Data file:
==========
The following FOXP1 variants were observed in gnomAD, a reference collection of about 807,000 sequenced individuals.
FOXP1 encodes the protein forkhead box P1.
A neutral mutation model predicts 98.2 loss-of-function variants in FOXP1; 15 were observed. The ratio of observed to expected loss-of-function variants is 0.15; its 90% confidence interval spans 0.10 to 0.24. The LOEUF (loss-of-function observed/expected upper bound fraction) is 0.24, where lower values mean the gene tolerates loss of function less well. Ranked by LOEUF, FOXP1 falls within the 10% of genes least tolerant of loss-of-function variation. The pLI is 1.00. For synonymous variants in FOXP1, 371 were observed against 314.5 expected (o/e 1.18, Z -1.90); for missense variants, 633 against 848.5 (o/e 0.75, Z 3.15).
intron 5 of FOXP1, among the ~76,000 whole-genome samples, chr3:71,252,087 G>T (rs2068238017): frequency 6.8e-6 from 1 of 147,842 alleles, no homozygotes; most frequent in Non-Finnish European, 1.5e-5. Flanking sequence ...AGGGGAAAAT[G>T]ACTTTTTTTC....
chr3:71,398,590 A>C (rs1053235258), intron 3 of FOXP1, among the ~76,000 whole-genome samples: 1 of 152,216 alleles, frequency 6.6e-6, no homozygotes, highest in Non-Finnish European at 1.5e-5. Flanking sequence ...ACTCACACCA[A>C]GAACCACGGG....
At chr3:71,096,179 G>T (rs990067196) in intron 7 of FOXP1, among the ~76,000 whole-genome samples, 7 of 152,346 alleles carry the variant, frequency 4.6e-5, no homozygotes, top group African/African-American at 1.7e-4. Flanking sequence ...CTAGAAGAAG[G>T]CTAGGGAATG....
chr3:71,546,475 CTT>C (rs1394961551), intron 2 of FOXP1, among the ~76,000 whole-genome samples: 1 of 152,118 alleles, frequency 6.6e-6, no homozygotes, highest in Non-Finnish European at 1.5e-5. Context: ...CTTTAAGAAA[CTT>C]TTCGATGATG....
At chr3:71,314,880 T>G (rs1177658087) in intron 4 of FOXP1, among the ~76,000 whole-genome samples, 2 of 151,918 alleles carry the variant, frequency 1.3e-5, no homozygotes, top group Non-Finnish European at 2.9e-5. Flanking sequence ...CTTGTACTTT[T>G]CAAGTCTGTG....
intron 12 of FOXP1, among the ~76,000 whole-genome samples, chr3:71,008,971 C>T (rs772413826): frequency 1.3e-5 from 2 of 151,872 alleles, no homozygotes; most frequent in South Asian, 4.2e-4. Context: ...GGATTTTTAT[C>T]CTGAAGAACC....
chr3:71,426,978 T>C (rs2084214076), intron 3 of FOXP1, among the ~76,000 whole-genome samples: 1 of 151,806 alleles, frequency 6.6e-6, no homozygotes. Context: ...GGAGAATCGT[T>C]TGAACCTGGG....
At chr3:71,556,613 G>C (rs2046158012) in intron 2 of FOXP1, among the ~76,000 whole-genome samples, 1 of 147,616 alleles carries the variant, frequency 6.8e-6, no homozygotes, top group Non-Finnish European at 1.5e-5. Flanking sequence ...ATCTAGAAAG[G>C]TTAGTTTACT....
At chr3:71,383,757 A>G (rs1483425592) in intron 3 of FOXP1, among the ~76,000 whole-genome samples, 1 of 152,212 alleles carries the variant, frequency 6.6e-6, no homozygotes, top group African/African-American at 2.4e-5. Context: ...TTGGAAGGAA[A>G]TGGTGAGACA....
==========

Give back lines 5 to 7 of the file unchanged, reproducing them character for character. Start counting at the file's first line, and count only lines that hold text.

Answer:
chr3:71,398,590 A>C (rs1053235258), intron 3 of FOXP1, among the ~76,000 whole-genome samples: 1 of 152,216 alleles, frequency 6.6e-6, no homozygotes, highest in Non-Finnish European at 1.5e-5. Flanking sequence ...ACTCACACCA[A>C]GAACCACGGG....
At chr3:71,096,179 G>T (rs990067196) in intron 7 of FOXP1, among the ~76,000 whole-genome samples, 7 of 152,346 alleles carry the variant, frequency 4.6e-5, no homozygotes, top group African/African-American at 1.7e-4. Flanking sequence ...CTAGAAGAAG[G>T]CTAGGGAATG....
chr3:71,546,475 CTT>C (rs1394961551), intron 2 of FOXP1, among the ~76,000 whole-genome samples: 1 of 152,118 alleles, frequency 6.6e-6, no homozygotes, highest in Non-Finnish European at 1.5e-5. Context: ...CTTTAAGAAA[CTT>C]TTCGATGATG....